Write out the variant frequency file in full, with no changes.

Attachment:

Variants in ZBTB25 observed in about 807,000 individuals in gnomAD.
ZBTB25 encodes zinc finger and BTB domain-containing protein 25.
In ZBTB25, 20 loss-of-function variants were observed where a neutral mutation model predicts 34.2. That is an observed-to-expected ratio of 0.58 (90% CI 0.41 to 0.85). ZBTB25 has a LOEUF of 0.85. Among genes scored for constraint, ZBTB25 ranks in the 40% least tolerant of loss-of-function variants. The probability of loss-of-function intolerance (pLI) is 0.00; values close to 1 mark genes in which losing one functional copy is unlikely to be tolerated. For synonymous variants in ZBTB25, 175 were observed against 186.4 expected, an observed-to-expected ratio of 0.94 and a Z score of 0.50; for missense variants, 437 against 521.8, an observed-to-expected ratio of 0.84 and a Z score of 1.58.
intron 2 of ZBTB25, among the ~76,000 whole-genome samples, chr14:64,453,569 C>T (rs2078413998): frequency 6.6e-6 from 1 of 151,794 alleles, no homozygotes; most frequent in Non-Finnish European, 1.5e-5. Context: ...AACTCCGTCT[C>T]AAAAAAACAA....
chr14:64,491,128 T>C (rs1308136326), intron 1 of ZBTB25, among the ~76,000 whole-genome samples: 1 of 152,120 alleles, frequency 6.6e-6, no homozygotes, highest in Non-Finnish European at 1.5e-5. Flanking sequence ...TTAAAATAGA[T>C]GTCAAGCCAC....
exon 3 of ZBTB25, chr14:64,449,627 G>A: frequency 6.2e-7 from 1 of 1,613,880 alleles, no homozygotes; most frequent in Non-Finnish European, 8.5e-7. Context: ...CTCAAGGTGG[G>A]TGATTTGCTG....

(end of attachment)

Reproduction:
Variants in ZBTB25 observed in about 807,000 individuals in gnomAD.
ZBTB25 encodes zinc finger and BTB domain-containing protein 25.
In ZBTB25, 20 loss-of-function variants were observed where a neutral mutation model predicts 34.2. That is an observed-to-expected ratio of 0.58 (90% CI 0.41 to 0.85). ZBTB25 has a LOEUF of 0.85. Among genes scored for constraint, ZBTB25 ranks in the 40% least tolerant of loss-of-function variants. The probability of loss-of-function intolerance (pLI) is 0.00; values close to 1 mark genes in which losing one functional copy is unlikely to be tolerated. For synonymous variants in ZBTB25, 175 were observed against 186.4 expected, an observed-to-expected ratio of 0.94 and a Z score of 0.50; for missense variants, 437 against 521.8, an observed-to-expected ratio of 0.84 and a Z score of 1.58.
intron 2 of ZBTB25, among the ~76,000 whole-genome samples, chr14:64,453,569 C>T (rs2078413998): frequency 6.6e-6 from 1 of 151,794 alleles, no homozygotes; most frequent in Non-Finnish European, 1.5e-5. Context: ...AACTCCGTCT[C>T]AAAAAAACAA....
chr14:64,491,128 T>C (rs1308136326), intron 1 of ZBTB25, among the ~76,000 whole-genome samples: 1 of 152,120 alleles, frequency 6.6e-6, no homozygotes, highest in Non-Finnish European at 1.5e-5. Flanking sequence ...TTAAAATAGA[T>C]GTCAAGCCAC....
exon 3 of ZBTB25, chr14:64,449,627 G>A: frequency 6.2e-7 from 1 of 1,613,880 alleles, no homozygotes; most frequent in Non-Finnish European, 8.5e-7. Context: ...CTCAAGGTGG[G>A]TGATTTGCTG....